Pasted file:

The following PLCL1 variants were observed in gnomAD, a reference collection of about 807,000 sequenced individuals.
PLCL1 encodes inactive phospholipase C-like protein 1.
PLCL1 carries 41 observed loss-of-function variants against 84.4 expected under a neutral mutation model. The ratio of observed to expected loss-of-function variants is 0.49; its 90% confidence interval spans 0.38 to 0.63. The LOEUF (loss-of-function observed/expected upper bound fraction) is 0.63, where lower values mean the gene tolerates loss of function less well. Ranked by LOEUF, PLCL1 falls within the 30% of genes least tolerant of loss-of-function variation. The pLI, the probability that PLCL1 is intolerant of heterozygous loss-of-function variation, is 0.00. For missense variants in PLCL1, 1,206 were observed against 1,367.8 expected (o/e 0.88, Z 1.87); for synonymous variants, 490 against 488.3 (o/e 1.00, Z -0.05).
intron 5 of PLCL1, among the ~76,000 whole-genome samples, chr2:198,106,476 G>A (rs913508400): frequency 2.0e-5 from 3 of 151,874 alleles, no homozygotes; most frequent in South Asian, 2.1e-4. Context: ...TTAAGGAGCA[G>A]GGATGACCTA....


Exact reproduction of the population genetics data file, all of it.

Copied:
The following PLCL1 variants were observed in gnomAD, a reference collection of about 807,000 sequenced individuals.
PLCL1 encodes inactive phospholipase C-like protein 1.
PLCL1 carries 41 observed loss-of-function variants against 84.4 expected under a neutral mutation model. The ratio of observed to expected loss-of-function variants is 0.49; its 90% confidence interval spans 0.38 to 0.63. The LOEUF (loss-of-function observed/expected upper bound fraction) is 0.63, where lower values mean the gene tolerates loss of function less well. Ranked by LOEUF, PLCL1 falls within the 30% of genes least tolerant of loss-of-function variation. The pLI, the probability that PLCL1 is intolerant of heterozygous loss-of-function variation, is 0.00. For missense variants in PLCL1, 1,206 were observed against 1,367.8 expected (o/e 0.88, Z 1.87); for synonymous variants, 490 against 488.3 (o/e 1.00, Z -0.05).
intron 5 of PLCL1, among the ~76,000 whole-genome samples, chr2:198,106,476 G>A (rs913508400): frequency 2.0e-5 from 3 of 151,874 alleles, no homozygotes; most frequent in South Asian, 2.1e-4. Context: ...TTAAGGAGCA[G>A]GGATGACCTA....